“If you look at our demographic, looking at the kids that are ten or twelve, they’re usually passed down older phones. That was one of the big drivers for us.”
That said, iVirtual does plan to leverage features like the 3D camera sensors in the iPhone X in the future, as the more data the company has, the better the models get.
For the Android users wondering about this app, iVirtual had the app on the Play Store ahead of the launch, but pulled it after discovering some bugs. When I spoke with the team, they were hard at work fixing it so it could go back up before the launch. At the time of writing, the Android app hasn’t returned to the Play Store.
A question of security
With all the ongoing privacy and security issues, concerns over data are turning up with just about every new app. With Heymoji’s use of photography and machine learning, privacy concerns take on new depth, especially when you factor in the 3D model.
When I asked about these issues, the iVirtual team was quick to affirm that it’s working to ensure it protects user data, but also acknowledged it still has areas to improve.
To start, Flores-Mangas said that iVirtual doesn’t share the 3D models it makes. Users only get the pre-rendered GIF created by the process. Further, the 3D model, and the data used to create it, is stored in encrypted spaces.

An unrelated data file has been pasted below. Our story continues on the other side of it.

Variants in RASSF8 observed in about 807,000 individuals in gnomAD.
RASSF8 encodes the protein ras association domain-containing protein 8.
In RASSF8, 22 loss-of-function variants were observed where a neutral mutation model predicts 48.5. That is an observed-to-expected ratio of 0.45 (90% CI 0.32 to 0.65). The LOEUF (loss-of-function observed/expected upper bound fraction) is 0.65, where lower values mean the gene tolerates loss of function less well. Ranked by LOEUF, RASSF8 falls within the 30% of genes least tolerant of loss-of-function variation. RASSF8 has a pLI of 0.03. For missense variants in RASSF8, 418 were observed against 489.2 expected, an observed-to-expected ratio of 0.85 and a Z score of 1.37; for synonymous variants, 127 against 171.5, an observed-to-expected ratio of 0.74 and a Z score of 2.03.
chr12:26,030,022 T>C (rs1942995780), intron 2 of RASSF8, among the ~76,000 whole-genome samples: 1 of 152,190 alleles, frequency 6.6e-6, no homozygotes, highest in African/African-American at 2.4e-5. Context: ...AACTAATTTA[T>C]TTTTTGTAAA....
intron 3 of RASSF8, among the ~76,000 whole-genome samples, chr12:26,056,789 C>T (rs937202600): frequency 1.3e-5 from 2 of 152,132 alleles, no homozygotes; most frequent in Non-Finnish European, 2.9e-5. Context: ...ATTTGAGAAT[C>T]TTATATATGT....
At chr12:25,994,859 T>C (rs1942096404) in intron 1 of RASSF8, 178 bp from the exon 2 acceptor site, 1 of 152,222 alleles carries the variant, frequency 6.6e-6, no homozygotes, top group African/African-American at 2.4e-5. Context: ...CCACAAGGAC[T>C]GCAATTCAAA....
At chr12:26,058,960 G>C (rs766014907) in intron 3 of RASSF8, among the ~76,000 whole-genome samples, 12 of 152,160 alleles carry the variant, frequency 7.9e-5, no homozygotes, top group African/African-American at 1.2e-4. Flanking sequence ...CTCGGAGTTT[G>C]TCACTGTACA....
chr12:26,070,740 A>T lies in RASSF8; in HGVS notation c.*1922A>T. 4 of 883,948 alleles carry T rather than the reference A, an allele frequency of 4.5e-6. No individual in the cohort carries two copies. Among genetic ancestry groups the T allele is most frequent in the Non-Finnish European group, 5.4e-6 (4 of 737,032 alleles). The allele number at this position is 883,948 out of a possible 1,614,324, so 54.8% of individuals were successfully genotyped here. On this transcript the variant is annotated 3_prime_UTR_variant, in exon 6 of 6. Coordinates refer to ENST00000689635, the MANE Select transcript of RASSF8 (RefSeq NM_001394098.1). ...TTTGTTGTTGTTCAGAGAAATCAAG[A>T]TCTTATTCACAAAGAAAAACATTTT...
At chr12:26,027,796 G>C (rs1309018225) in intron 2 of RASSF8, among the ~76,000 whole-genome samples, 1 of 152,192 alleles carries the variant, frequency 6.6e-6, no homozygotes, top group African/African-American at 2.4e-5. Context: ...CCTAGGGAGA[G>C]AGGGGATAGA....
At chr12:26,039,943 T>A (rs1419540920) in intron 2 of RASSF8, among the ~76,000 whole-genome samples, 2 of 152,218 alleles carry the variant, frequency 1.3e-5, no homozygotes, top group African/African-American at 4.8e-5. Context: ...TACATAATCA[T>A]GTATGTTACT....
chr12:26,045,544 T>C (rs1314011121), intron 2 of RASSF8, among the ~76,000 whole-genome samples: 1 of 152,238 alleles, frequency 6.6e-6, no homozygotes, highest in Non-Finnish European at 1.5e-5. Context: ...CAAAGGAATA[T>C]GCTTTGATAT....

Looking to the long term, Khair believes people will want to have a virtual version of themselves and will want to be able to authenticate it. Additionally, Khair said that the iVirtual team believes users should own their own data and use it how and where they want, and be able to take it back afterward.
That ability to share their data will be an integral part of iVirtual going forward, according to Khair. He has a broad vision for applications of the company’s technology in e-commerce, gaming and more.
“We’ll have to have a serious conversation with the partners we engage with to ensure the privacy of the 3D models is respected,” said Flores-Mangas.
Khair’s grand vision is to turn these virtual models in a repository of data stored on your device that you can use when shopping, communicating, gaming and more.
Imagine storing your shoe or shirt size with the virtual model. When you shop for clothes online, you could virtually try them on and see how it looks on your 3D model. When you find something you like, you just tap order — the data handles the rest.